IMG_6862 2As we were wrapping up our drive and heading back to our camp, Ammy drove us closer to the shore of Lake Masek where we were staying. Some wildebeest had been attempting to cross the lake the previous day. Most made it. Some were not successful, and their carcasses washed up near the shore opposite where they began their crossing. Along the shoreline, it was The Lion King all over again as we got to witness the end of the circle of life. Scavengers were doing their job, dining on the wildebeests who hadn’t survived their crossing. There were vultures and hyenas and those crazy marabou storks I mentioned in my last post. Did you know there are carrion storks? I didn’t. As my sister-in-law pointed out, that kind of puts a different spin on the whole idea of having a stork deliver a baby. It seems that could end badly. Still, the storks provide a necessary service. In the US, we might see an area where animals are repeatedly dying and think, “Whoa! We need to fix this.” In Tanzania, they choose to allow nature to do what nature does naturally. It makes sense. I think about the massive overpopulation of deer in some of our northern states, an overpopulation that now results in an appalling number of deer versus automobile accidents. Deer overpopulation occurs when you eliminate their natural predators, natural predators humans eradicated because they also occasionally gnawed on livestock. We interrupted the natural order to solve one problem and inadvertently caused another. Mess with Mother Nature and inevitably she will mess with you.

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Marabou storks

Ahead of us on the road where we were watching the vultures, storks, and hyenas at the all-you-can-eat wildebeest buffet, one hyena laid down to rest in the afternoon shade. Something about the way she was positioned, head on her paws, eyes barely able to remain open, reminded me of our dog. I decided that people who don’t like hyenas are people who don’t get hyenas. They’re actually quite likable once you get to know them.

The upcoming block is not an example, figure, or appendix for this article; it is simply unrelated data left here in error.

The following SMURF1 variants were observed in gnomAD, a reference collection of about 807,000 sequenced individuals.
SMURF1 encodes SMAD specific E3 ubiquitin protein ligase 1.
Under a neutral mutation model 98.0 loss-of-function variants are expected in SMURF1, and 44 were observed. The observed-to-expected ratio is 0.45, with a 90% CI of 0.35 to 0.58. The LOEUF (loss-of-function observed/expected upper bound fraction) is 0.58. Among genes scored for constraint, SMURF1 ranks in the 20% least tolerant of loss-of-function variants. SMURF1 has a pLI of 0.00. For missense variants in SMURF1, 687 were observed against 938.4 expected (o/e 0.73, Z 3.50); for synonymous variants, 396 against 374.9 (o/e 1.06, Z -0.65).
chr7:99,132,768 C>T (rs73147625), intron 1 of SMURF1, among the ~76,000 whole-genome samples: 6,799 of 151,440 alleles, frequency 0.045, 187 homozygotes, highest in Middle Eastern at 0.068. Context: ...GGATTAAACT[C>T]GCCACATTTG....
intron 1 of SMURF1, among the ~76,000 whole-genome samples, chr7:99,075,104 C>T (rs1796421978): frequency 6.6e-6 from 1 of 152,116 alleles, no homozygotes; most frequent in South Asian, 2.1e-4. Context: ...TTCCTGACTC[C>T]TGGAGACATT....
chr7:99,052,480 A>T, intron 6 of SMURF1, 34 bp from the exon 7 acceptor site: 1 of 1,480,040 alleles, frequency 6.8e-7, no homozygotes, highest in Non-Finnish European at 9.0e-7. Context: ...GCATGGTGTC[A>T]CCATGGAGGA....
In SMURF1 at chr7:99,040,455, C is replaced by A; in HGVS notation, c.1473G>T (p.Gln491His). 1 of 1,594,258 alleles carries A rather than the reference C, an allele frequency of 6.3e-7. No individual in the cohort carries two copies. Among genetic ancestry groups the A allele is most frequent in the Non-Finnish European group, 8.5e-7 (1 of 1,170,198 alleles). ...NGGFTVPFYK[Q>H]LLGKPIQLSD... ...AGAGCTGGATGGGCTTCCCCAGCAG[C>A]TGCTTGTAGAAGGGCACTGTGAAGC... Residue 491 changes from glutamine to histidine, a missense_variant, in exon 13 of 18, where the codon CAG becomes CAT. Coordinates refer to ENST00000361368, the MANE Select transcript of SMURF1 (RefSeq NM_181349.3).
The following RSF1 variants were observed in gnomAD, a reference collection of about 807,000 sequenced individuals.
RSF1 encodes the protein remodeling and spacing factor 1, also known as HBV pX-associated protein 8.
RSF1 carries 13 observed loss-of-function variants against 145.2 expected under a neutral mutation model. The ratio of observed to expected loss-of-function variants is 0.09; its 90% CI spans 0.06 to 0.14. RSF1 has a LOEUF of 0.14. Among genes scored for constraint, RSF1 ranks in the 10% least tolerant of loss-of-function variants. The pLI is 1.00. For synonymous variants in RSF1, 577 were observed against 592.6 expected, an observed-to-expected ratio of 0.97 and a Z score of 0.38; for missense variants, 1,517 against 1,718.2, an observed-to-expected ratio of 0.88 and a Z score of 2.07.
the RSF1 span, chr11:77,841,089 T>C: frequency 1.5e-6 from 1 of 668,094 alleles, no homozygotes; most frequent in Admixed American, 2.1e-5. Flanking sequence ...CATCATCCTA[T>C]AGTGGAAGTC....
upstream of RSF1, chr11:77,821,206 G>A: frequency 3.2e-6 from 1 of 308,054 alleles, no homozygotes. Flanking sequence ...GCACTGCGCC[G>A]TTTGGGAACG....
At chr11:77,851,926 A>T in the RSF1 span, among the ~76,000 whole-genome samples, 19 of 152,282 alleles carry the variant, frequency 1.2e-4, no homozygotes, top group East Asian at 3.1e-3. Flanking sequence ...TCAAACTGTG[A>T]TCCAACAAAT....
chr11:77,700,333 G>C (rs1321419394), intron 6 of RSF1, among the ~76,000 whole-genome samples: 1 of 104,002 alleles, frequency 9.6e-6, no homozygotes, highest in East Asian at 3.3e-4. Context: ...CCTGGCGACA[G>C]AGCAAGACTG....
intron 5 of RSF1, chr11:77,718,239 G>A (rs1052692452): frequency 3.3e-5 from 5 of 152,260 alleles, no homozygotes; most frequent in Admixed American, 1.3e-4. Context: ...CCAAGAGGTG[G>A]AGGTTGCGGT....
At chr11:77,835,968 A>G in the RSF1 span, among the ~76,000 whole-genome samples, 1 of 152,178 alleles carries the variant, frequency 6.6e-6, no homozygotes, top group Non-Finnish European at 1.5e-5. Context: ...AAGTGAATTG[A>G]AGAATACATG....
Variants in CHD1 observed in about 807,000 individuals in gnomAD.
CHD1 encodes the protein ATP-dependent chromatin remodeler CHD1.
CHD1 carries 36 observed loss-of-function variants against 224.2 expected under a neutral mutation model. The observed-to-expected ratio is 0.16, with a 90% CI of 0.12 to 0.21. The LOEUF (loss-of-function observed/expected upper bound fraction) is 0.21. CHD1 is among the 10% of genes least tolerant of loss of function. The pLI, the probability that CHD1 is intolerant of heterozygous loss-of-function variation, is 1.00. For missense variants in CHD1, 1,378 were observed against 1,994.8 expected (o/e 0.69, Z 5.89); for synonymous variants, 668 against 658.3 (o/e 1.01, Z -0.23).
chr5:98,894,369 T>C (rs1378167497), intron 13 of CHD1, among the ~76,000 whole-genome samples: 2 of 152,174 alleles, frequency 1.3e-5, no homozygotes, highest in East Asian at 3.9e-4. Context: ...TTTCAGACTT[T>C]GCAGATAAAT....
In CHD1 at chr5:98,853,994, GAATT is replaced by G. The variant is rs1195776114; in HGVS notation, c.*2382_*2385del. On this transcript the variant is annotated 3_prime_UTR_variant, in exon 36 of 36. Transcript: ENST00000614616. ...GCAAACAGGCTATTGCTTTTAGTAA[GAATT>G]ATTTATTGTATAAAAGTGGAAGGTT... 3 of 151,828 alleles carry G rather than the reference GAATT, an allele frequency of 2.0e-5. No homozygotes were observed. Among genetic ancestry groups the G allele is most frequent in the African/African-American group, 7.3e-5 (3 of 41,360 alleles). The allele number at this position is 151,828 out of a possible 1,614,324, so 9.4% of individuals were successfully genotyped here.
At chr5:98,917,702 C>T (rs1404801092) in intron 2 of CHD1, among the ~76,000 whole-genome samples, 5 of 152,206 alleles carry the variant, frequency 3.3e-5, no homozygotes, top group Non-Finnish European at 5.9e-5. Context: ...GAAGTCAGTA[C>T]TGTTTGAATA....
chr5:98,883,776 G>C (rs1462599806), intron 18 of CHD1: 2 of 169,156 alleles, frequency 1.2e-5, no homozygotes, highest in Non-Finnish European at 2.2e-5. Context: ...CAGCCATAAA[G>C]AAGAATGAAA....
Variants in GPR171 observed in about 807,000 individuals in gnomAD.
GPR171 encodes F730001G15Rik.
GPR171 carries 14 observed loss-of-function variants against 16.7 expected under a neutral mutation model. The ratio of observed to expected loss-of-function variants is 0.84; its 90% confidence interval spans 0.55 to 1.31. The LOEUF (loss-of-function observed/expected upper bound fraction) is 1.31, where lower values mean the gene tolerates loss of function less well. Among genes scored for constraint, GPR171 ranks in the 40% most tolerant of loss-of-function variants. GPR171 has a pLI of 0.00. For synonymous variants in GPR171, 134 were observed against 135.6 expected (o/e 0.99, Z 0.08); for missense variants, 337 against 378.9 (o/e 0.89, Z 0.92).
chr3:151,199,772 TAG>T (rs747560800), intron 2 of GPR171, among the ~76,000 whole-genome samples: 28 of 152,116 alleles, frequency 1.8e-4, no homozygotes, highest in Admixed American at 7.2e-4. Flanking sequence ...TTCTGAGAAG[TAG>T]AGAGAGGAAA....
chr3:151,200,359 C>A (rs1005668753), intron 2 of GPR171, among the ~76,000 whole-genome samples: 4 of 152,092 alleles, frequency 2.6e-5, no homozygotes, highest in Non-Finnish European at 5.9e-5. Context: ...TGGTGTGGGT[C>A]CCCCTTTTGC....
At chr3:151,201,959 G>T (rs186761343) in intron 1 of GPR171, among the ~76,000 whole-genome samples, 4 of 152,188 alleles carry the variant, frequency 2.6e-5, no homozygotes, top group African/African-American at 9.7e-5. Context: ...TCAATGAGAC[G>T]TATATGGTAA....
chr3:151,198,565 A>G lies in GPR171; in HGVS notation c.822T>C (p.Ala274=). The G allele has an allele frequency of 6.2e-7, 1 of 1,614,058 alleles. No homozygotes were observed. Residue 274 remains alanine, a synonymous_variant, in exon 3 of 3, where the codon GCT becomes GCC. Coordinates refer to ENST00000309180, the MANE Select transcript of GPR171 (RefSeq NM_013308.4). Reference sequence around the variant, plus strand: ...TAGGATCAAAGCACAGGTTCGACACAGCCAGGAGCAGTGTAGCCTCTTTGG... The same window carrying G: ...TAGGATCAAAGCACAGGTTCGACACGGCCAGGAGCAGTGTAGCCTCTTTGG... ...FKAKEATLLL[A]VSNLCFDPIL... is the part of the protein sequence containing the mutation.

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Spot

We called it a wrap on our day and returned to camp disappointed that our safari was over but grateful for the opportunities we’d had. We got cleaned up and headed to the dining area for drinks and one last dinner with Ammy. We would miss him too. I wasn’t looking forward to saying goodbye to any of Tanzania, landscape, animals, or people.

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Africa family portrait

That night, as I curled up one last time under the mosquito netting we had grown accustomed to, we were once again serenaded by the hyenas. I had to wonder if one of them was the little lady we saw waiting on the road. In the morning we would pack up and head back to Arusha and then finally return to Kilimanjaro International Airport for our flight home. I didn’t want to leave, but the thought of perhaps at last catching a glimpse of Kilimanjaro gave me something positive on which to focus as I drifted off.

 

 

Onward From The Serengeti To Lake Masek

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On the road again